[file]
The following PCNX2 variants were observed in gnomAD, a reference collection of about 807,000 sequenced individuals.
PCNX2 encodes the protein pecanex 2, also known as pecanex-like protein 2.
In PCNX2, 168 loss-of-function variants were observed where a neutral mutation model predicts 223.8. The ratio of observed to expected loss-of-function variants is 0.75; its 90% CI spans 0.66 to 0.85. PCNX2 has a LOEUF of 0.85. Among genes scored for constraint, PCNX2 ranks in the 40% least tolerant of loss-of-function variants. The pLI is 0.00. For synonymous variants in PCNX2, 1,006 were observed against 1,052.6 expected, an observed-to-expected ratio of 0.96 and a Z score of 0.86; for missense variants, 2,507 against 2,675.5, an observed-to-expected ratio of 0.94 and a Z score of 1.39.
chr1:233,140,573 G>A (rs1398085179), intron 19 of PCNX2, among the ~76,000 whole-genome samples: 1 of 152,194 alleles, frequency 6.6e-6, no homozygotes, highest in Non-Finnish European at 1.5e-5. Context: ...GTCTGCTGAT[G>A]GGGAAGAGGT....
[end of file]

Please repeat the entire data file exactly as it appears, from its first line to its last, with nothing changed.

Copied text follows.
The following PCNX2 variants were observed in gnomAD, a reference collection of about 807,000 sequenced individuals.
PCNX2 encodes the protein pecanex 2, also known as pecanex-like protein 2.
In PCNX2, 168 loss-of-function variants were observed where a neutral mutation model predicts 223.8. The ratio of observed to expected loss-of-function variants is 0.75; its 90% CI spans 0.66 to 0.85. PCNX2 has a LOEUF of 0.85. Among genes scored for constraint, PCNX2 ranks in the 40% least tolerant of loss-of-function variants. The pLI is 0.00. For synonymous variants in PCNX2, 1,006 were observed against 1,052.6 expected, an observed-to-expected ratio of 0.96 and a Z score of 0.86; for missense variants, 2,507 against 2,675.5, an observed-to-expected ratio of 0.94 and a Z score of 1.39.
chr1:233,140,573 G>A (rs1398085179), intron 19 of PCNX2, among the ~76,000 whole-genome samples: 1 of 152,194 alleles, frequency 6.6e-6, no homozygotes, highest in Non-Finnish European at 1.5e-5. Context: ...GTCTGCTGAT[G>A]GGGAAGAGGT....